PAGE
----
A simple recipe to overcome our unconscious biases

This was a big one for me.

I’ve recently realised that as a designer, a woman of colour, I still retain certain unconscious bias which is deeply ingrained within.

 When talking about ‘target audiences’ at one of my workshops, I realised the default image in my mind was that of a white woman.

Now, this is normal and (not really) okay. We have been showered with images (from

childhood) via newspapers, magazines, tv programs, films, and social media, that put a more frequent and positive light on the white woman/man, while disproportionately keeping out others from that spotlight. So, even for me as a woman of colour, it’s difficult to bring images of women

or men of colour to mind when considering specific target audiences.

I know that if I wasn’t educating myself on these issues and having conversations and reading about them, I would not have noticed I had a bias. 

It all starts with first being curious and wanting to be better as a designer.

As designers, I feel that it is our responsibility to bring these issues into the spotlight during our processes. We shape the visual world by identifying who our designs or tools need to be talking to by identifying the users and target audiences. So we need to start looking beyond the norm that we’ve been exposed to and start questioning our biases and the rest is easy.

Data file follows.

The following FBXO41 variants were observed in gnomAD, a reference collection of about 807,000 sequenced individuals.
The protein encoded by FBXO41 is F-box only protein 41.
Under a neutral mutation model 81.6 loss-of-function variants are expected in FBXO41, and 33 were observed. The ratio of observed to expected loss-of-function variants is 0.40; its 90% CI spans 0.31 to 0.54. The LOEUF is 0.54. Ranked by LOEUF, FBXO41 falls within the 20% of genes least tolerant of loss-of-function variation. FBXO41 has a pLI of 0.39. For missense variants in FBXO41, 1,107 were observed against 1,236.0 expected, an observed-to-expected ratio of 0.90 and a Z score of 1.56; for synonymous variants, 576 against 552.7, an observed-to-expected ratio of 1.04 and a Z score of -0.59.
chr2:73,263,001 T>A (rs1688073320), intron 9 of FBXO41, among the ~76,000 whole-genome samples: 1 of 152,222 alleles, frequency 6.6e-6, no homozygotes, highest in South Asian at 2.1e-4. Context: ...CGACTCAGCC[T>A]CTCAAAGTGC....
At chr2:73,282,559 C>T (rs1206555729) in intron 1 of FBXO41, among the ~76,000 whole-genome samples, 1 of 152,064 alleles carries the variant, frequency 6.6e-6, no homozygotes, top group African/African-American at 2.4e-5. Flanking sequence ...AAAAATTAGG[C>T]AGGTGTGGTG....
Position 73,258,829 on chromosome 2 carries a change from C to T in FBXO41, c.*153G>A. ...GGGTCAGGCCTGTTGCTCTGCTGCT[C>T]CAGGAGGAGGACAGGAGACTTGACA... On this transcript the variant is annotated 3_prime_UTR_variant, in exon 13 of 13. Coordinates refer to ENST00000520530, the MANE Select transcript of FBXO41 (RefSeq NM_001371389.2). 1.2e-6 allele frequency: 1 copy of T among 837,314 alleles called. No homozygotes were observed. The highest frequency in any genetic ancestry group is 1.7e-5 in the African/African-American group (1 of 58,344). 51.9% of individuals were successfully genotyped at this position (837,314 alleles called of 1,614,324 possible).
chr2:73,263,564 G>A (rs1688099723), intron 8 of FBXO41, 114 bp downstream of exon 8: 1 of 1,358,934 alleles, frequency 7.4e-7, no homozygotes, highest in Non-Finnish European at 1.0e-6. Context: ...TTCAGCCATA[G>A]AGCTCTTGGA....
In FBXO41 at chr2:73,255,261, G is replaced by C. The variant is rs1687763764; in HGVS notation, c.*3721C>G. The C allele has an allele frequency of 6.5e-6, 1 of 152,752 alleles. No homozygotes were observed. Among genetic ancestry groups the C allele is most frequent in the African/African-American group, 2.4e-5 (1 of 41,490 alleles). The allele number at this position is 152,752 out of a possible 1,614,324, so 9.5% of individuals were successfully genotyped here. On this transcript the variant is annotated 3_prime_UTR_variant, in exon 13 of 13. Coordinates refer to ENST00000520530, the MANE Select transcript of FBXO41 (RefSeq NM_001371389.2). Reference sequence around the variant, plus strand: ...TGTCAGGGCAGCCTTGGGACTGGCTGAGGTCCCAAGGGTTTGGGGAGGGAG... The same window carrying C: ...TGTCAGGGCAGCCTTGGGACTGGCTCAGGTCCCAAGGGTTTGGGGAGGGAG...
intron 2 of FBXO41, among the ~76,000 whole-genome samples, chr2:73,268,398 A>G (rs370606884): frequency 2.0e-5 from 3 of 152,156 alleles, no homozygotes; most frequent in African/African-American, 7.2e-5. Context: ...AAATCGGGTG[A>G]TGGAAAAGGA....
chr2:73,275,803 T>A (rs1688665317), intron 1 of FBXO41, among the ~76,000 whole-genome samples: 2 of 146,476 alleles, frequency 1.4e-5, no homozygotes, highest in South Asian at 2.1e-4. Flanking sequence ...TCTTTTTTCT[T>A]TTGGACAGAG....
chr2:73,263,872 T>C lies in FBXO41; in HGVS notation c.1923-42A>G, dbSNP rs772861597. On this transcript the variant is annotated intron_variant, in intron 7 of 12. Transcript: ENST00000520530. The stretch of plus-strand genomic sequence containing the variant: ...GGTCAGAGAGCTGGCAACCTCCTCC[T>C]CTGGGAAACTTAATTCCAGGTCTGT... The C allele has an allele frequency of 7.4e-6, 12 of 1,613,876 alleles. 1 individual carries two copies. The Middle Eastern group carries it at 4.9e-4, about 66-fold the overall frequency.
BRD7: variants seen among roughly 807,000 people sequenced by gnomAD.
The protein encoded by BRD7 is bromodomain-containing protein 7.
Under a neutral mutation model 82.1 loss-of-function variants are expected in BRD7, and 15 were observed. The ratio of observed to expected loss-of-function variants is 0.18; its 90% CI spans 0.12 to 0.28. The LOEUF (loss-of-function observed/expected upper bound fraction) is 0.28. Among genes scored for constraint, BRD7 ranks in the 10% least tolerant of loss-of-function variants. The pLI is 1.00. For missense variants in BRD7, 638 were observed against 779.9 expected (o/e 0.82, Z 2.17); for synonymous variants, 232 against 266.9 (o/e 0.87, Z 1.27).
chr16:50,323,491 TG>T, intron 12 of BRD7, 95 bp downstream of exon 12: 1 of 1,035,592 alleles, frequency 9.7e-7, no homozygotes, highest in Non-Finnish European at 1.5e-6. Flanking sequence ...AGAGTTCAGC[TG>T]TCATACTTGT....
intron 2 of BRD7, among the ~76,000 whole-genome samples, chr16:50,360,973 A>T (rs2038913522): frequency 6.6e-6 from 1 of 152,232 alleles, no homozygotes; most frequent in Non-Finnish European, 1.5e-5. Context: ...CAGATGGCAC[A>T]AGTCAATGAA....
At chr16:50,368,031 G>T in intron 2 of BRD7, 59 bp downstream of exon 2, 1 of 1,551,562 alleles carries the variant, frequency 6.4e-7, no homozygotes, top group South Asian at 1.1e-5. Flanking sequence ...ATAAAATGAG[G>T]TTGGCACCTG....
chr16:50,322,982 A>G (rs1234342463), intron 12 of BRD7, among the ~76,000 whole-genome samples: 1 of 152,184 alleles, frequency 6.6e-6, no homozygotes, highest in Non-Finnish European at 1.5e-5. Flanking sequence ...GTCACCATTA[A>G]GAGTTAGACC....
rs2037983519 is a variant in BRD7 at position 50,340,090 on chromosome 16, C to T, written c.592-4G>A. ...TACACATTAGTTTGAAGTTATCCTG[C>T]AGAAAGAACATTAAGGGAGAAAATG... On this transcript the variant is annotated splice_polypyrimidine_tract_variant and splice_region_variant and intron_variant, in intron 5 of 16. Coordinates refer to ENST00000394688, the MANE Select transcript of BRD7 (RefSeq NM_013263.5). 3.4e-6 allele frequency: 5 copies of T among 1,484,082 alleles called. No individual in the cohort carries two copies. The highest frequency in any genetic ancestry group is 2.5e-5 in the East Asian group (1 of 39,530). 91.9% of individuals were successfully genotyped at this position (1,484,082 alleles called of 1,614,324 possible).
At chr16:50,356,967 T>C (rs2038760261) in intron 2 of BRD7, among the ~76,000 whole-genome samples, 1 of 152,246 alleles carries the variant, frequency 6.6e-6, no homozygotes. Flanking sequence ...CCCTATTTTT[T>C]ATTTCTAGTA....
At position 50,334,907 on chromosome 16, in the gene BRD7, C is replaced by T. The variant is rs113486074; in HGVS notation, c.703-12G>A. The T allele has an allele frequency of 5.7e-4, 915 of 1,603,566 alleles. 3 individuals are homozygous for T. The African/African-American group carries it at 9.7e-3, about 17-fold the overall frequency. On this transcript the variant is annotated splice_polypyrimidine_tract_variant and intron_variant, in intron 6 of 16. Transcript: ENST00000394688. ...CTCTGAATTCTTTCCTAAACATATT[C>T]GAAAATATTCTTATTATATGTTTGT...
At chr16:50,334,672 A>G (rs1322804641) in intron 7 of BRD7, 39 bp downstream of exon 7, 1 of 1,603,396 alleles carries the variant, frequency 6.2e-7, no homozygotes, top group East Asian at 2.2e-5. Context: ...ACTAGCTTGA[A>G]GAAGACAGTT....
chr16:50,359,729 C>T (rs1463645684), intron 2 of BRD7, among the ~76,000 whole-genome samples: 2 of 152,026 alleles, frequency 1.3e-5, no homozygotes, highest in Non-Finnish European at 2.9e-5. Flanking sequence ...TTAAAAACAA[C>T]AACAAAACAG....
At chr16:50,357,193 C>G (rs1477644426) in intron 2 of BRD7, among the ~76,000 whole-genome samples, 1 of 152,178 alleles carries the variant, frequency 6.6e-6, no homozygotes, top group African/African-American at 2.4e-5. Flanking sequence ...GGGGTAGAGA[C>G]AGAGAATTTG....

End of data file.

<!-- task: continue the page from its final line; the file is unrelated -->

Now, once you have identified a bias, the next step is crucial because that’s where the change happens. We now need to call ourselves out by voicing it and bringing the attention of our client to the bias – Is that what they want for their brand? I’m going to guess that it’s not!

Once you call yourself out, this can become a conversation and a conscious decision to

include BIPOC, people with disabilities, and people of different sexual orientations.

Once you call yourself out, it becomes easier for the clients or co-workers to feel at

ease and accept their own biases. There is no shame about it, we all have it. Having shame

or guilt is not going to get us anywhere; acceptance is going to, though.

If we see it, we should accept it, and when we accept it, we can change it.

So here is a simple recipe from me:

– Educate yourself

– Observe your biases

– Accept and own it

–  Call it out

– Look at options to change or challenge it

– Rinse, Repeat until your norm changes 

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